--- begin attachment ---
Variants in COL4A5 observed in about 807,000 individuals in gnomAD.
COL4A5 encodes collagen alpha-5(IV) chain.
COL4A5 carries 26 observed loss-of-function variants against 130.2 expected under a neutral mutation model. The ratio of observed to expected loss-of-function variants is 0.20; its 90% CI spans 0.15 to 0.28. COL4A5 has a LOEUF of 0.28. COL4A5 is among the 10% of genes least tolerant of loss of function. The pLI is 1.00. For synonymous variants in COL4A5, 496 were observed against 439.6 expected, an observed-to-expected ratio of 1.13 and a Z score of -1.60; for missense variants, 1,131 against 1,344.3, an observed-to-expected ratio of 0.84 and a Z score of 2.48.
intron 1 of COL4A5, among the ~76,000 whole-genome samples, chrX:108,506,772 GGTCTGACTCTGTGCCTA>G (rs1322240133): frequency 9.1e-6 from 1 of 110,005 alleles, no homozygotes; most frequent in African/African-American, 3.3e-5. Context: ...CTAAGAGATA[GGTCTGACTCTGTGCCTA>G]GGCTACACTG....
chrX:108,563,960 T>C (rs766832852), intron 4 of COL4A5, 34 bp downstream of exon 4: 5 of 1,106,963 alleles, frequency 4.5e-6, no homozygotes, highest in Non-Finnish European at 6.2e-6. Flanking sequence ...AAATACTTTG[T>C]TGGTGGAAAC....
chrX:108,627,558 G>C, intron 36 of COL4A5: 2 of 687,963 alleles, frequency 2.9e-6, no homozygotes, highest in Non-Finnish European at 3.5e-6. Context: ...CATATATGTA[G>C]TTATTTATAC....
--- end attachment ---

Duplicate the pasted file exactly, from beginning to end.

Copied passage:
Variants in COL4A5 observed in about 807,000 individuals in gnomAD.
COL4A5 encodes collagen alpha-5(IV) chain.
COL4A5 carries 26 observed loss-of-function variants against 130.2 expected under a neutral mutation model. The ratio of observed to expected loss-of-function variants is 0.20; its 90% CI spans 0.15 to 0.28. COL4A5 has a LOEUF of 0.28. COL4A5 is among the 10% of genes least tolerant of loss of function. The pLI is 1.00. For synonymous variants in COL4A5, 496 were observed against 439.6 expected, an observed-to-expected ratio of 1.13 and a Z score of -1.60; for missense variants, 1,131 against 1,344.3, an observed-to-expected ratio of 0.84 and a Z score of 2.48.
intron 1 of COL4A5, among the ~76,000 whole-genome samples, chrX:108,506,772 GGTCTGACTCTGTGCCTA>G (rs1322240133): frequency 9.1e-6 from 1 of 110,005 alleles, no homozygotes; most frequent in African/African-American, 3.3e-5. Context: ...CTAAGAGATA[GGTCTGACTCTGTGCCTA>G]GGCTACACTG....
chrX:108,563,960 T>C (rs766832852), intron 4 of COL4A5, 34 bp downstream of exon 4: 5 of 1,106,963 alleles, frequency 4.5e-6, no homozygotes, highest in Non-Finnish European at 6.2e-6. Flanking sequence ...AAATACTTTG[T>C]TGGTGGAAAC....
chrX:108,627,558 G>C, intron 36 of COL4A5: 2 of 687,963 alleles, frequency 2.9e-6, no homozygotes, highest in Non-Finnish European at 3.5e-6. Context: ...CATATATGTA[G>C]TTATTTATAC....